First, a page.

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    No chance of that happening (in my opinion). It would be even dumber than the current war we're mired in.
     
  13. PokesFanatic

    PokesFanatic Deputy

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    Tangential or not, the presence of war has raised our debt and has destabilized the entire Middle East region where we are dependent for oil.

    On the partisanship issue, I've said it before that BOTH Democrats and Republicans are running this nation into the ground and I say to hell with both parties. The two party system is obsolete and detrimental to our nation's well-being.
     
  14. State

    State Cold Ass Honkey A/V Subscriber

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    Disagree. If anything the spread of democracy, Arab spring, has destabilized the region, though most of the instability thus far is contained within the borders of specific countries. The stability of the region has a whole is either improved or neutral with the Israeli-Iran situation the most likely to change that.
     
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  15. PokesFanatic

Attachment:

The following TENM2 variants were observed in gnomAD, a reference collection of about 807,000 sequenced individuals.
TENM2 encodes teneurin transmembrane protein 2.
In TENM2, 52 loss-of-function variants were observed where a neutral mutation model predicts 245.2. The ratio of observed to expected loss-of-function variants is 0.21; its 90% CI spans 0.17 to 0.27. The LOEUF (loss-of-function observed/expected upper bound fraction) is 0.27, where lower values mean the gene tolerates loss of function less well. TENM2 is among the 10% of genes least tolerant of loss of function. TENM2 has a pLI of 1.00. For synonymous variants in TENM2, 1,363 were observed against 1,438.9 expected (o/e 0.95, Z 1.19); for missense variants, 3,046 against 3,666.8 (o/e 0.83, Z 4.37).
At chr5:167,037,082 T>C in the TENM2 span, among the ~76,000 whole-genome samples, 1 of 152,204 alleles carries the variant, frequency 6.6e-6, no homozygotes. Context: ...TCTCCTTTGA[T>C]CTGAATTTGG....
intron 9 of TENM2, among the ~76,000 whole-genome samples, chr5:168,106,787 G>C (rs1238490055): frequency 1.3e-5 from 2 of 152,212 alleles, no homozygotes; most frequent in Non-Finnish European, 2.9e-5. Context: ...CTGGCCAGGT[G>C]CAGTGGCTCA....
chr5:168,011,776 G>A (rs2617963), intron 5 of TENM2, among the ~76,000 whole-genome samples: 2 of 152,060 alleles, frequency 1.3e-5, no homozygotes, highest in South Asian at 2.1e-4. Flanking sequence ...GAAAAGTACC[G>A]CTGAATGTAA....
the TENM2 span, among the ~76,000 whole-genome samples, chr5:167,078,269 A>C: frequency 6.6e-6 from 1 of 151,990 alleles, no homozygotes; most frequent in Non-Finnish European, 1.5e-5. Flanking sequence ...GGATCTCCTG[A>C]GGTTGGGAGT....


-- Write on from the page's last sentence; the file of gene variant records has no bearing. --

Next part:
PokesFanatic Deputy

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    It will all depend on what new group of tyrants takes power in the so-called democratized middle east nations. America has a long and sordid history of foreign political intervention that has resulted in outright genocide in some cases and world terrorist organizations in others.
     
  16. steross

    steross OSU fan in need of hyper loop A/V Subscriber

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    Unless we are going to drastically increase the number of countries we go to war with, the numbers just don't bear this out.
     
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  17. RxCowboy

    RxCowboy Has no Rx for his orange obsession. A/V Subscriber